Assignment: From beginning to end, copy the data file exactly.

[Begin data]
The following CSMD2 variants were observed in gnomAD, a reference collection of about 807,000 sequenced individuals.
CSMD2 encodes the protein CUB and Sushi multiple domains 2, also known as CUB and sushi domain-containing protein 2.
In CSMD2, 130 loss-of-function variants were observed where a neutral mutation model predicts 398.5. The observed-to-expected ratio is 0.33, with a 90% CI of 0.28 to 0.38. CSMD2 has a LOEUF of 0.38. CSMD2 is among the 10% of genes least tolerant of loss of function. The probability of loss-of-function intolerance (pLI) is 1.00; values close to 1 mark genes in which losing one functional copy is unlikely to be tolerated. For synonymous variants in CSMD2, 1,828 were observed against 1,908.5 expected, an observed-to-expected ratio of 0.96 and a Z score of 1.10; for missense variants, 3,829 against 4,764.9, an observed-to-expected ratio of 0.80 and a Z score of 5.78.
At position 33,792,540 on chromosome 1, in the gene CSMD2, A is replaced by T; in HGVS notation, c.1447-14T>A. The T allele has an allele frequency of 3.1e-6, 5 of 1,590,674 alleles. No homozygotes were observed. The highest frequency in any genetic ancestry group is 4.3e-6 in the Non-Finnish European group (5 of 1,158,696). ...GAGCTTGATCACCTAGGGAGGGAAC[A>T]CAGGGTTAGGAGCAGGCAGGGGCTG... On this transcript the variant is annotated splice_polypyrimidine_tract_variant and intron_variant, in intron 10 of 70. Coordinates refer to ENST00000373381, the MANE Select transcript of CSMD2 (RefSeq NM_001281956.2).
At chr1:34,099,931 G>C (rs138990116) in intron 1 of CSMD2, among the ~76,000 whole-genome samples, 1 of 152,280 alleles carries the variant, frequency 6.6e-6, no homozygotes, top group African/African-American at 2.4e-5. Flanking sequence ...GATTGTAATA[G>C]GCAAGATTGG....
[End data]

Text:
The following CSMD2 variants were observed in gnomAD, a reference collection of about 807,000 sequenced individuals.
CSMD2 encodes the protein CUB and Sushi multiple domains 2, also known as CUB and sushi domain-containing protein 2.
In CSMD2, 130 loss-of-function variants were observed where a neutral mutation model predicts 398.5. The observed-to-expected ratio is 0.33, with a 90% CI of 0.28 to 0.38. CSMD2 has a LOEUF of 0.38. CSMD2 is among the 10% of genes least tolerant of loss of function. The probability of loss-of-function intolerance (pLI) is 1.00; values close to 1 mark genes in which losing one functional copy is unlikely to be tolerated. For synonymous variants in CSMD2, 1,828 were observed against 1,908.5 expected, an observed-to-expected ratio of 0.96 and a Z score of 1.10; for missense variants, 3,829 against 4,764.9, an observed-to-expected ratio of 0.80 and a Z score of 5.78.
At position 33,792,540 on chromosome 1, in the gene CSMD2, A is replaced by T; in HGVS notation, c.1447-14T>A. The T allele has an allele frequency of 3.1e-6, 5 of 1,590,674 alleles. No homozygotes were observed. The highest frequency in any genetic ancestry group is 4.3e-6 in the Non-Finnish European group (5 of 1,158,696). ...GAGCTTGATCACCTAGGGAGGGAAC[A>T]CAGGGTTAGGAGCAGGCAGGGGCTG... On this transcript the variant is annotated splice_polypyrimidine_tract_variant and intron_variant, in intron 10 of 70. Coordinates refer to ENST00000373381, the MANE Select transcript of CSMD2 (RefSeq NM_001281956.2).
At chr1:34,099,931 G>C (rs138990116) in intron 1 of CSMD2, among the ~76,000 whole-genome samples, 1 of 152,280 alleles carries the variant, frequency 6.6e-6, no homozygotes, top group African/African-American at 2.4e-5. Flanking sequence ...GATTGTAATA[G>C]GCAAGATTGG....